In the subsequent decades, as genetic testing expanded widely and allowed for the development of much more complex LDTs with higher risk results, studies through the Government Accountability Office highlighted misleading or inaccurate results from several companies, resulting in FDA sending numerous letters to companies involved in such products. In June 2010, FDA held a public meeting on their oversight of LDTs which resulted in draft guidelines released on October 3, 2014 (“Framework for Regulatory Oversight of Laboratory Developed Tests [LDTs]).3 This draft guidance described the proposed oversight, including requirements for notification, reporting, risk-based approach to premarket review, and quality system regulation. This proposal was met with a strong, and mixed, response on the need to ensure safety while avoiding undue regulatory burden that could stifle innovation and reduce critical accessibility of medical services. Discussions and congressional hearings continued until the FDA announced in 2016 that they intended to suspend plans to move forward with the LDT proposal.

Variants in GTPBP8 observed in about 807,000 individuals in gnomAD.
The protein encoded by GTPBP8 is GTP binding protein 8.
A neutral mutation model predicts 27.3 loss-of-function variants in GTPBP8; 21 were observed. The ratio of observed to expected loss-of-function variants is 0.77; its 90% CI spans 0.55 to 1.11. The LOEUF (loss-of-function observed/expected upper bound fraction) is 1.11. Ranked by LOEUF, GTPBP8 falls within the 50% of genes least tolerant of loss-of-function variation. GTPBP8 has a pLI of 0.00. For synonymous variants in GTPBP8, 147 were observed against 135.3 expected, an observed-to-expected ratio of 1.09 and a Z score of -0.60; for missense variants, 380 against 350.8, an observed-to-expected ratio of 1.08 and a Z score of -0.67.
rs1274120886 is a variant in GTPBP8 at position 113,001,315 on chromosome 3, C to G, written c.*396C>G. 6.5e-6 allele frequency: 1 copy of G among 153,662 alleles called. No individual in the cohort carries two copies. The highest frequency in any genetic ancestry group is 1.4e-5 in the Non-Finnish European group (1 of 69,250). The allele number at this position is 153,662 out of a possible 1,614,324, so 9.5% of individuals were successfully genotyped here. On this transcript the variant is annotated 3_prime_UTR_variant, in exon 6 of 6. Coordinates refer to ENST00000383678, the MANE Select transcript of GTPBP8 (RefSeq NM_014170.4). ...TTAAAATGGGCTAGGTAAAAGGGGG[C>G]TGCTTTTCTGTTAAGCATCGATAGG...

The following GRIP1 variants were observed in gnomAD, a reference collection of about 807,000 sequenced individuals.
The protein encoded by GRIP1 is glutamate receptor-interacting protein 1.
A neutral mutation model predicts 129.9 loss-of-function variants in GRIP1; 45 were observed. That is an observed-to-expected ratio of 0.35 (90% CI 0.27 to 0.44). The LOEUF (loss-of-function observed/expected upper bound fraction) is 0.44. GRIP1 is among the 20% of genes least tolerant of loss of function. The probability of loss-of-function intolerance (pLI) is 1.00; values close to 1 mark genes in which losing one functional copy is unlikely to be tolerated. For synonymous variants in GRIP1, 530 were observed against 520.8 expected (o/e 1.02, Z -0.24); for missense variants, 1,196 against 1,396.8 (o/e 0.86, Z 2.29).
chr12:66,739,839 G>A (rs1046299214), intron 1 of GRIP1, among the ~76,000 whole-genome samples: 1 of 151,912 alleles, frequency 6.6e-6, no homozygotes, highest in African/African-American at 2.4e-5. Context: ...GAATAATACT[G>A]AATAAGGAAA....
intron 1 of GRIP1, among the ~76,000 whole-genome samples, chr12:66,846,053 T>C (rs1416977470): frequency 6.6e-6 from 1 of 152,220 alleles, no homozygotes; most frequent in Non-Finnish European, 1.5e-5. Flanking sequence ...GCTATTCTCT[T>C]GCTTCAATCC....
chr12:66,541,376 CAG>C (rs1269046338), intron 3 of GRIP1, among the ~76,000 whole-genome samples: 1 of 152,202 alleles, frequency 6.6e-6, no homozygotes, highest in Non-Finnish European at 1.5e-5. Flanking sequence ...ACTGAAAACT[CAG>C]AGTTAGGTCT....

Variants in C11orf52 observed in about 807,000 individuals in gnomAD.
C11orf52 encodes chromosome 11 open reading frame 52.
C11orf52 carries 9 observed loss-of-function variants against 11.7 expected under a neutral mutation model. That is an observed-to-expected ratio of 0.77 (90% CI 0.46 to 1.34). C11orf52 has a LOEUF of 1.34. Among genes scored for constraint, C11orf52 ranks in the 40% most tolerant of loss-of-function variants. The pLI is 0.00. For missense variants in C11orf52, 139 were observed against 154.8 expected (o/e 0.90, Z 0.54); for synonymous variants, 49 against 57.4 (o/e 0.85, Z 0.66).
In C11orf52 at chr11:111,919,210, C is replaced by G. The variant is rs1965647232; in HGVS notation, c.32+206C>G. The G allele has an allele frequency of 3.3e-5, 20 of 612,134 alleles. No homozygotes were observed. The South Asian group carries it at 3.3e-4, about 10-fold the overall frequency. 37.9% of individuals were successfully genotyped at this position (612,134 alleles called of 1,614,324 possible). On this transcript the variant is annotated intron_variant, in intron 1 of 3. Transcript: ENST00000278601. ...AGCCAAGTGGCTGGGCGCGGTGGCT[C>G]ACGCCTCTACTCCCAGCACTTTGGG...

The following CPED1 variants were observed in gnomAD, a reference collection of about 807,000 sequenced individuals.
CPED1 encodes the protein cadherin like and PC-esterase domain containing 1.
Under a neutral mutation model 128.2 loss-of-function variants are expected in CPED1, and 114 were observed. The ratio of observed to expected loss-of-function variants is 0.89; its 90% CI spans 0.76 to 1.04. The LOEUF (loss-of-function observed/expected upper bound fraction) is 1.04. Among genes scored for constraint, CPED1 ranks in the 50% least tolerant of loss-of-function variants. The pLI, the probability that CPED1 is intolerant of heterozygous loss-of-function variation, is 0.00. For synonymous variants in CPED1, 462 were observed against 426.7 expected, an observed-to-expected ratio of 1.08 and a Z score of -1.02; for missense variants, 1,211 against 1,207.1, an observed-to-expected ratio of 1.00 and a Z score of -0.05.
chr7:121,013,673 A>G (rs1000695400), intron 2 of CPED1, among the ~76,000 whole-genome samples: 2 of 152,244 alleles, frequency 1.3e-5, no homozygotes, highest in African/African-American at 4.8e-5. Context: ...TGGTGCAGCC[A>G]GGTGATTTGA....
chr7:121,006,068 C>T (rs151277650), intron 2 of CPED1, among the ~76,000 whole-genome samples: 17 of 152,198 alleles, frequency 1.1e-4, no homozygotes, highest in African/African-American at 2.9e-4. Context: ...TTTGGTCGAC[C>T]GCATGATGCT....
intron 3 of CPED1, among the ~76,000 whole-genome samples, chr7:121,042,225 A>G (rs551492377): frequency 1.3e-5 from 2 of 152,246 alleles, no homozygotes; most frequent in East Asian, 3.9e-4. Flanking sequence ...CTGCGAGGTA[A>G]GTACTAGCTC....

In 2020, the ‘Verifying Accurate, Leading-edge In-Vitro Clinical Tests Development’ (VALID) Act was introduced in Congress. This proposed giving FDA expanded authority over LDTs, including separation of in vitro clinical tests from the existing medical device regulation, and establishment of a regulatory framework for LDTs and IVDs through a new FDA Center. Passage would require laboratories to comply with new requirements for registration with FDA such as, depending on the risk classification of the LDT, premarket approval and adverse event reporting. This act did not pass. New drafts of the VALID Act were reintroduced in 2021 and 2022 but similarly did not move forward.